Pre-Commercial Procurement (PCP) challenges industry from the demand side to develop innovative solutions for public sector needs and it provides a first customer reference that enables companies to create competitive advantage on the market. PCP enables public procurers to compare alternative potential solution approaches and filter out the best possible solutions that the market can deliver to address the public need.

Public procurers can drive innovation from the demand side by acting as technologically demanding customers that buy the development and testing of new solutions. This enables European public authorities to modernize public services faster and to create opportunities for companies in Europe to take international leadership in new markets. Creating a strong European market for innovative products and services is an important step towards creating growth and jobs in quickly evolving markets such as ICT.

What is Pre-Commercial Procurement?

Pre-Commercial Procurement (PCP) is an approach to public procurement of research and development (R&D) services that is outlined in the PCP communication and associated staff working document. It is an important tool to stimulate innovation as it enables the public sector to steer the development of new solutions directly towards its needs.

Have a look at showcase examples of successful PCPs.

As public procurement of R&D remains underused in Europe compared to other parts of the world, the EU increases via Horizon 2020 the support to groups of public procurers who work together on joint Pre-Commercial Procurements.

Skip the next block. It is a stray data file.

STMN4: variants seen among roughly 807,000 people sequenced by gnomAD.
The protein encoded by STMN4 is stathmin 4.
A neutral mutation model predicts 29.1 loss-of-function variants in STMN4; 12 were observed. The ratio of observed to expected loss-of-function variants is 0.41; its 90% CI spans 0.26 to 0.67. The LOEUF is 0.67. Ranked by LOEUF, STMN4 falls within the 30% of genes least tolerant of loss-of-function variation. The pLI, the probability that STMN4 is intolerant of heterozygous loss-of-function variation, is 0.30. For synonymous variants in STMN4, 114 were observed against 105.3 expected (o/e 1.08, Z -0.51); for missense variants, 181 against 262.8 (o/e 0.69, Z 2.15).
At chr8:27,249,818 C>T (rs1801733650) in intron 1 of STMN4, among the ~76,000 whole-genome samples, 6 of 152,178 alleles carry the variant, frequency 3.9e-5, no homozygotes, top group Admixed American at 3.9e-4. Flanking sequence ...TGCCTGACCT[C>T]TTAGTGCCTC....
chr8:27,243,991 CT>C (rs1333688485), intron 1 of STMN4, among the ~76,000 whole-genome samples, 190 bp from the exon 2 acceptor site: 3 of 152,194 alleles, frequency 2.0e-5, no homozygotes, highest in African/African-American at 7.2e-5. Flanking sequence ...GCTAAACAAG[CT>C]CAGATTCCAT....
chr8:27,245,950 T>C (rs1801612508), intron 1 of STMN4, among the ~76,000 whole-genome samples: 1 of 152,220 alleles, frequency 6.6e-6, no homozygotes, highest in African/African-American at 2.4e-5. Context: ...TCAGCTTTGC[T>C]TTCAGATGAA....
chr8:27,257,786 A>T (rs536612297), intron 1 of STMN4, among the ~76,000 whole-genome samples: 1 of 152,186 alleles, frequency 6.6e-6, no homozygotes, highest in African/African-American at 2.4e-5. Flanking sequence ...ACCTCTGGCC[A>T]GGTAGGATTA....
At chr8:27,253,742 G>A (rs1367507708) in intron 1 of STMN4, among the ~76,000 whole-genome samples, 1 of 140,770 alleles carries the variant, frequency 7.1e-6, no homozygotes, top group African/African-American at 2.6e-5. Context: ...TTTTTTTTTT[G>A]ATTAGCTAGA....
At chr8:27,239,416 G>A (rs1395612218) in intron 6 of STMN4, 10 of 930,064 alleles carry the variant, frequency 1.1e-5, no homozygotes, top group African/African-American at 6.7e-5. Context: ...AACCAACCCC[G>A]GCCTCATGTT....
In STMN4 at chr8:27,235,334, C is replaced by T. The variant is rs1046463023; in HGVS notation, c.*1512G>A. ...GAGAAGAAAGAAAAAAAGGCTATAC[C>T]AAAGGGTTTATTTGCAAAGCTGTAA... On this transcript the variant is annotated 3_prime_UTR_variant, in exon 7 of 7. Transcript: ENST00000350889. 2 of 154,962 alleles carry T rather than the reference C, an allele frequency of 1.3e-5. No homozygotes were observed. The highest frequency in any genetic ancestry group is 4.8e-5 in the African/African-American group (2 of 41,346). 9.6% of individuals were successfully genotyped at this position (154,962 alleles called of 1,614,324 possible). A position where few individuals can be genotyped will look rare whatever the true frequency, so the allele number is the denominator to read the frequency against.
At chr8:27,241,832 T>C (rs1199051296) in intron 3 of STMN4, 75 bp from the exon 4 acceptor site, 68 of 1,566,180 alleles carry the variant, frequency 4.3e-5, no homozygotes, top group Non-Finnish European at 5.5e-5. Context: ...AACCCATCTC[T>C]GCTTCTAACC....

How does PCP work?

Competitive development in phases:

In PCP, public procurers buy R&D from several competing suppliers in parallel to compare alternative solution approaches and identify the best value for money solutions that the market can deliver to address their needs. R&D is split into phases (solution design, prototyping, original development and validation/testing of a limited set of first products) with the number of competing R&D providers being reduced after each R&D phase.

Risk-benefit sharing under market conditions:

in PCP, public procurers share the benefits and risks related to the IPRs resulting from the research and development (R&D) with suppliers at market price. Suppliers retain IPR ownership rights, while procurers keep some usage and licensing rights.

Separation from the deployment of commercial volumes of end-products / services:

PCP can go up to the development and the purchase of a limited volume of first products or services developed in the PCP ('limited' because in a services contract like PCP the total value of supplies purchased needs to remain below 50% of the total PCP contract value). As R&D cannot include quantity production (large scale production to produce commercial volumes of end-products), PCP does not cover large scale commercialisation. The deployment of commercial volumes of end-products is the remit of PPI. PCP is thus complementary to Public Procurement of Innovative Solutions (PPI).